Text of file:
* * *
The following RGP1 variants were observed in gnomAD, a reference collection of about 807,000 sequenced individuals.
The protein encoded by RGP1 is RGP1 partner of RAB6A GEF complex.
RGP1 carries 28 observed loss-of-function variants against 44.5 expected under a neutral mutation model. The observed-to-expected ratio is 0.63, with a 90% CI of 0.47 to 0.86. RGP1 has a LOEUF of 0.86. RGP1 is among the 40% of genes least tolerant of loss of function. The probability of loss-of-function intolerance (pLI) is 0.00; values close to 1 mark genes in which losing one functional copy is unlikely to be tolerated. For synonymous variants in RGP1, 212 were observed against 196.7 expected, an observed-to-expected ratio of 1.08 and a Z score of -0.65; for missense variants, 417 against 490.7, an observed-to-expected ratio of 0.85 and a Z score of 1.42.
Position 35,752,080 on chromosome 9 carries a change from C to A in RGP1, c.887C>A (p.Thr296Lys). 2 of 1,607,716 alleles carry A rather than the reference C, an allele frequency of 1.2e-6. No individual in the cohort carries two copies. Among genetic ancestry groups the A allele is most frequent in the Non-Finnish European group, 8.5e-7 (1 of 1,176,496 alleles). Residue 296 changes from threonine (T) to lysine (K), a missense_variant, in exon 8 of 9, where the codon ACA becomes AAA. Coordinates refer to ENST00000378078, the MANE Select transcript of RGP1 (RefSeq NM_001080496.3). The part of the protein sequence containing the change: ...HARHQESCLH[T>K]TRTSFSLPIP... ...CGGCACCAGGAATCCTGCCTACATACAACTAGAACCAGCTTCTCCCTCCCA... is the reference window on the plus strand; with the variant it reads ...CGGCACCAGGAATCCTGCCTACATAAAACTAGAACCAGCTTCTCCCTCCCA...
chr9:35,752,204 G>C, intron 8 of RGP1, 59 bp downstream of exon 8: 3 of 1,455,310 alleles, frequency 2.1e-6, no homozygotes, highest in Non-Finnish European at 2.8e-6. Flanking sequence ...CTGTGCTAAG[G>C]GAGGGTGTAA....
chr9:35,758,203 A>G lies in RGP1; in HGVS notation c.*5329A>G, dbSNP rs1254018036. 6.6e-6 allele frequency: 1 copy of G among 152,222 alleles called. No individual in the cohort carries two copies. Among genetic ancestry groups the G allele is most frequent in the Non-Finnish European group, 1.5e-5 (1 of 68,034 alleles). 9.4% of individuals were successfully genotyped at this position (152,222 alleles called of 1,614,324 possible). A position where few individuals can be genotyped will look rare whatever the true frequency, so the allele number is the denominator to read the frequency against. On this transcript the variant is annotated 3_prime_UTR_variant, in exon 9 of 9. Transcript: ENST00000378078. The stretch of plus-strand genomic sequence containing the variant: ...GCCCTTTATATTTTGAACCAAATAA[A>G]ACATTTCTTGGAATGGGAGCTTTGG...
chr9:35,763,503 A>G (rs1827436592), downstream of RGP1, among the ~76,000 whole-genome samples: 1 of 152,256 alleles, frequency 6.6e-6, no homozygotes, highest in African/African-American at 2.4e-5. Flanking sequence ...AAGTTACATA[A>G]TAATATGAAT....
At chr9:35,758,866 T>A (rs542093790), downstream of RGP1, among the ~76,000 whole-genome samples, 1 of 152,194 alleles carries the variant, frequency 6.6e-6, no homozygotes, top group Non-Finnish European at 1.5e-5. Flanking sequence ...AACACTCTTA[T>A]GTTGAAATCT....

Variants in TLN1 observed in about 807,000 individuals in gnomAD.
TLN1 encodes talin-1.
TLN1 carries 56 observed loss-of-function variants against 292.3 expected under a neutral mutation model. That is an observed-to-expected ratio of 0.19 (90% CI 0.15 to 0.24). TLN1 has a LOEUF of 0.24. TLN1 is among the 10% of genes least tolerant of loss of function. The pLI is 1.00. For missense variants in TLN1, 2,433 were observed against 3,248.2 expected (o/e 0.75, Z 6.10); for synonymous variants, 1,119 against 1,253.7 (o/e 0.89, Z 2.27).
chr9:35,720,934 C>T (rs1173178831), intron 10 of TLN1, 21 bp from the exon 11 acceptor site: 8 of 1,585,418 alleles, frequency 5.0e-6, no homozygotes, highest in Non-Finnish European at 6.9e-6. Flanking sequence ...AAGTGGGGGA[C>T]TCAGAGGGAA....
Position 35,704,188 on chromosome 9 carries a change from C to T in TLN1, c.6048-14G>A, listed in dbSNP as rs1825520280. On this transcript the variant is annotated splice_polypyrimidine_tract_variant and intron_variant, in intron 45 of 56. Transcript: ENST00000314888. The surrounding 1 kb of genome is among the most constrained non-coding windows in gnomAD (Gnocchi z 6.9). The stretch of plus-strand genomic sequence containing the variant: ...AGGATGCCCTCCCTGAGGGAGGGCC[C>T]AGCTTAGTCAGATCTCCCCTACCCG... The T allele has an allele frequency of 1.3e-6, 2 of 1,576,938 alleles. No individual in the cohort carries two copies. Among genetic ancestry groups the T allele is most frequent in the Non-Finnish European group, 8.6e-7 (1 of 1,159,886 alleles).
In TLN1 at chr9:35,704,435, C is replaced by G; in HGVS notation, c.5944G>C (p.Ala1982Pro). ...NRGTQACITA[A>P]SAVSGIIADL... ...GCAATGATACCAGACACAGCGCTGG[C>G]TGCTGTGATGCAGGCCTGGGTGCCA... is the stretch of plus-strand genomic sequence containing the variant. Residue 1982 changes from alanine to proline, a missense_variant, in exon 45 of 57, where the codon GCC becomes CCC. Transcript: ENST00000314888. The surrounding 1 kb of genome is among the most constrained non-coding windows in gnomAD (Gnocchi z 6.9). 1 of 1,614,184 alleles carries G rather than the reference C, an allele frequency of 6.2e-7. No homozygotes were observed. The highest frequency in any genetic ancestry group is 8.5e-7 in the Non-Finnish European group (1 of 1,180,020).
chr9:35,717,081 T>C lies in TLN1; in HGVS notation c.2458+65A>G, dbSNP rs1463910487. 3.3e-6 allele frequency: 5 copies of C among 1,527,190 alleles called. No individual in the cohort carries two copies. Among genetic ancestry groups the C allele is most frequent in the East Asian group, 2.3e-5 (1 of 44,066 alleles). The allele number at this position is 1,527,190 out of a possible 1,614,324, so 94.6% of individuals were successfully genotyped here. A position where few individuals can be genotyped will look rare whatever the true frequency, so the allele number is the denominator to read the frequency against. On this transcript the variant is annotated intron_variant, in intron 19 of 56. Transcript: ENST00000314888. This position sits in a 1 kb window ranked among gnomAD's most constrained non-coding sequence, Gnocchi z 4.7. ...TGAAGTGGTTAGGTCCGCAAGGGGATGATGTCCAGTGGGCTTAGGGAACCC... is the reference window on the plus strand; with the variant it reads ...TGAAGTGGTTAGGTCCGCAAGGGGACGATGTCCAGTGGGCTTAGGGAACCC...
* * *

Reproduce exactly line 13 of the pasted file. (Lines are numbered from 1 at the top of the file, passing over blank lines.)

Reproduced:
Position 35,704,188 on chromosome 9 carries a change from C to T in TLN1, c.6048-14G>A, listed in dbSNP as rs1825520280. On this transcript the variant is annotated splice_polypyrimidine_tract_variant and intron_variant, in intron 45 of 56. Transcript: ENST00000314888. The surrounding 1 kb of genome is among the most constrained non-coding windows in gnomAD (Gnocchi z 6.9). The stretch of plus-strand genomic sequence containing the variant: ...AGGATGCCCTCCCTGAGGGAGGGCC[C>T]AGCTTAGTCAGATCTCCCCTACCCG... The T allele has an allele frequency of 1.3e-6, 2 of 1,576,938 alleles. No individual in the cohort carries two copies. Among genetic ancestry groups the T allele is most frequent in the Non-Finnish European group, 8.6e-7 (1 of 1,159,886 alleles).